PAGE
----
What am I eligible for? That is a very common question for many immigrants who call or visit our immigration office for legally advice. “I came into the country illegally,” how do I get a work permit or a green card? The truth is if you are in the United States and you do not have status and you did not enter after having been inspected and admitted or paroled, your immigration options can be quite limited. Our immigration laws changed dramatically in the 1990s and early 2000s and one of the big changes was to punish people who entered the country illegally by greatly limiting their ability to stay in the U.S. legally.
There are five basic immigration options possibly open to you if you entered illegally and are currently out of status; 1) Asylum/Withholding/CAT; 2) U/T/S Visas; 3) 245(i) Adjustment; 4) Cancellation of Removal; 5) TPS.
At first blush, you may say, wow those are quite a few options, sounds great, how do I sign up. Therein lies the problem, most people who are in the United States without status after entering without inspection will not qualify for any of these forms of immigration relief. That’s right, unfortunately, just because you have been in the U.S. for many years, have family here, have a job here or have a fear of going back to your home country does not mean you qualify for any form of immigration relief. Lets briefly review what it takes to qualify for these immigration benefits/relief.
Last week, President Obama issued the first major change in U.S. immigration policy towards Cubans in over 20 years. On January 12, 2017, President Obama announced that the 1995 immigration policy designed specifically for Cuban nationals, known as “Wet-Foot/Dry-Foot”, would be abolished immediately. That means that Cuban nationals arriving at air, sea and land ports would now be subject to expedited removal (they were not previously) and that the Cuban government has agreed to review Cuban nationals with final orders of removal on a case by case basis to determine if they would allow them to be deported to Cuba. In addition, Cubans who arrive in the U.S. without visas and without having been admitted or paroled will not receive special parole consideration. They will be considered for parole like any other foreign national. Parole is the primary way that Cubans become eligible to adjust status in the U.S. and get their green cards.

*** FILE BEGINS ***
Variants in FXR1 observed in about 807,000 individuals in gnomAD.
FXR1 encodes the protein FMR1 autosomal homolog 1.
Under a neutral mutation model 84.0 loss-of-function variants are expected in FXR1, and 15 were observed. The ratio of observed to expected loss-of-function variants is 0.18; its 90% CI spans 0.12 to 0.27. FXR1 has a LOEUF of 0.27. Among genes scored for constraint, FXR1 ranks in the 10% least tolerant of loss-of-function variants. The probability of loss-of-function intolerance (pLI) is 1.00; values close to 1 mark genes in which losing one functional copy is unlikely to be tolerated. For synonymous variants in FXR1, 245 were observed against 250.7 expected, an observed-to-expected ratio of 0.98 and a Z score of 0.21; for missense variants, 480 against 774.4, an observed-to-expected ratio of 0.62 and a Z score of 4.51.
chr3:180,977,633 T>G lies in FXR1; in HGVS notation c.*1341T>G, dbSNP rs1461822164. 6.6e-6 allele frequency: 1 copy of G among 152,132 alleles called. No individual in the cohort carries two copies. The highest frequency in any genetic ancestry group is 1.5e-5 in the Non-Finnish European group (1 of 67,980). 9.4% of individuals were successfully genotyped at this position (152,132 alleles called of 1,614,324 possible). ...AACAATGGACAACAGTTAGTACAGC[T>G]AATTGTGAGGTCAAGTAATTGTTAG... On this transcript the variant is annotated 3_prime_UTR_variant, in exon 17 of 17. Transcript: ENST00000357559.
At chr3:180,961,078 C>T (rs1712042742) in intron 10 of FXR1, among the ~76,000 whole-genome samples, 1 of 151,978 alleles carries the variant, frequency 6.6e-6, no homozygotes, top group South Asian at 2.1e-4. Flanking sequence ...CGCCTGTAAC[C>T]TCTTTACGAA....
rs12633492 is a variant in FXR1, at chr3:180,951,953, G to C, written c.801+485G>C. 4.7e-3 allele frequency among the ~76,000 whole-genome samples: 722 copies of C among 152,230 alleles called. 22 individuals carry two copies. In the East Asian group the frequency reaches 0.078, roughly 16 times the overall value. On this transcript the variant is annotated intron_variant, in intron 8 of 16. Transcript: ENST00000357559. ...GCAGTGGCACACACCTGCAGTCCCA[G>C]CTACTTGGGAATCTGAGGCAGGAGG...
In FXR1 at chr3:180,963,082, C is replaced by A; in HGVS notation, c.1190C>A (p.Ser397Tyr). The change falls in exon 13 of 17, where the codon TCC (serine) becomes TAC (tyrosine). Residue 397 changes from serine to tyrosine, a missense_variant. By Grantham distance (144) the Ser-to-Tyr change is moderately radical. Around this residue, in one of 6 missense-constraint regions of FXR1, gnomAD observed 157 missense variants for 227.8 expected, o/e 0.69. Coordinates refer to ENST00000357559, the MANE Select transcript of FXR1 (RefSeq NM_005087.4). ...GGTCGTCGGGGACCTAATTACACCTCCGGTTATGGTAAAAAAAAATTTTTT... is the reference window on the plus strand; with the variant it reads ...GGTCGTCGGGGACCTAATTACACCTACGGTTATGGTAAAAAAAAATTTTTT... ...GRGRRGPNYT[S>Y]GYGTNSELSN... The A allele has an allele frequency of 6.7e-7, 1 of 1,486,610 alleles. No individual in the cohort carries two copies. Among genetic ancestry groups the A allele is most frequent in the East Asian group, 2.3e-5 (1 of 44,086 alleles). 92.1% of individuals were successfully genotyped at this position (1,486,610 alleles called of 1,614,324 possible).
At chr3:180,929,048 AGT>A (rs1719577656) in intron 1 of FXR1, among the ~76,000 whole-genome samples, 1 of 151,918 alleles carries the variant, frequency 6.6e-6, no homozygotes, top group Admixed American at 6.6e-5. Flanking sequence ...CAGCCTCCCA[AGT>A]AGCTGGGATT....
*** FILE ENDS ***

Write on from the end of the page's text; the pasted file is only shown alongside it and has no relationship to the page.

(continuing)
This is a major, major change to how the U.S. government treats Cuban nationals coming to, or attempting to come to the United States. No longer will they be welcomed into the air, sea and land ports, automatically given parole into the U.S., and a year and day later, be allowed to apply for adjustment of status under the Cuban Adjustment Act.
Just for background, the 1995 Wet-Foot/Dry-Foot Policy, enacted by President Clinton, restricted Cuban nationals, who would be paroled into the U.S. and allowed to apply for green cards, to those who actually made it to U.S. soil before immigration officers caught them. Previously, Cuban nationals caught on boats or rafts in the Florida Straits, on their way from Cuba to the U.S., were brought to the U.S. and paroled into the country, rather than being sent back to Cuba. Wet-Foot/Dry-Foot greatly limited the number of Cuban nationals who made it to the U.S.
Yes, absolutely and without a doubt, if you have a pending immigration case, an old immigration case you want to reopen or you are not a U.S. citizen and want to know about your immigration history, you need a FOIA and you need it now. Information is power and FOIA is information. The federal government loves to use acronyms to describe everything, whether its DHS, ICE, USCIS, CBP, LPR or USC, if you can break a phrase down into letters, Uncle Sam will do it. FOIA is just another example of that and stands for “Freedom of Information Act.” Knowing how to request one and having the right attorney review it could be the key to winning your immigration case or losing and getting deported.
When I worked for U.S. Immigration and Customs Enforcement (ICE), we had unlimited access to data and the files of everyone who had an A-file (Alien file). We had vast networks of systems that compiled data on individuals in the U.S. who were born overseas or people deported from the U.S. who were trying to come back. If you know where to look, you could find a tremendous amount of information that could help immigrants trying to avoid deportation. However, most of the time, the government immigration attorneys, officers and agents would keep the information to themselves and often use it against the immigrants.